The Supreme Court of Israel struck down Monday a key component of Prime Minister Benjamin Netanyahu’s controversial judicial reform law, which sought to stop judges from nullifying government decisions that they deemed to be unreasonable.
In July 2023, Netanyahu’s government passed a bill, after seven months of debate and widespread protests, abolishing the “reasonableness” clause, which had allowed the Supreme Court and other courts in Israel to overrule the government if they believed that the government’s decisions were “extremely unreasonable.” The passing of the law was met with fierce demonstrations, with hundreds of thousands of Israelis turning out to protest, as well as the military threatening to refuse to serve. It also led to international condemnation, including from the US and several European allies, who expressed concerns over the law.
In the judgment, the fifteen justice panel voted in a slim majority of 8 to 7, to strike down the law, stating that it would damage Israel’s standing as a democratic state. Justice Minister, and the main architect of the law, Yariv Levin accused the court of “taking into their hands, with the ruling, all the authorities that in a democracy are divided between the three branches of government.” While ministers had previously threatened to ignore a negative ruling by the court, 12 of the justices stated that the Supreme Court had the power to overturn basic laws.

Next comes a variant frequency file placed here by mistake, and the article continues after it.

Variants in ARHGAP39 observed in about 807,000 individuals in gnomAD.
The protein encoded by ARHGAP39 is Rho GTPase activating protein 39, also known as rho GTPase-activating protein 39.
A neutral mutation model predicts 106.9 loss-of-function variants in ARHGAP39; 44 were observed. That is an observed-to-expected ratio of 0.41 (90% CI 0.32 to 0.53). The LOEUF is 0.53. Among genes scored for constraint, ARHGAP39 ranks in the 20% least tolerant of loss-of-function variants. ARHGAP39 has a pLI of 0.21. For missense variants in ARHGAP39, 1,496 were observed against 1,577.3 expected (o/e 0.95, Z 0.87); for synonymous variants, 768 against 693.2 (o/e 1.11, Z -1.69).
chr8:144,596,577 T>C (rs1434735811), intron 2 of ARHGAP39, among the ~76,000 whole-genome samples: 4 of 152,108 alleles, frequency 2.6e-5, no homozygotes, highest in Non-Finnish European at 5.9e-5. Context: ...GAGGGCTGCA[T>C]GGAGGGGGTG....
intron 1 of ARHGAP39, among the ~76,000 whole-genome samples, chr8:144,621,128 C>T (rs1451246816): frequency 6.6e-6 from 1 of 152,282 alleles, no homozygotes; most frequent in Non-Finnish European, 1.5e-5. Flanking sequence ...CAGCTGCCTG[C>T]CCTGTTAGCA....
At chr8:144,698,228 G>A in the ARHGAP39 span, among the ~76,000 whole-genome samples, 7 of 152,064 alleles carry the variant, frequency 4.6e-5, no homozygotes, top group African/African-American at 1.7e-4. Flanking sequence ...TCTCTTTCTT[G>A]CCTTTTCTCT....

The Israeli Civil Rights Association, which represented 38 human rights organizations who were challenging the law, said in a statement on X (formerly known as Twitter) that they would:
…stand against any attempt to harm the independence of the court and the independence of the judges, since there is no democracy without human rights and no democracy without an independent judicial system that can protect the individual from the tyranny of the government.
[T]he coup that is taking place these days in the territories, the damage to Arab society, the politicization that the police is going through – all of these are part of the anti-democratic coup, and it is the next challenge that the court will have to face.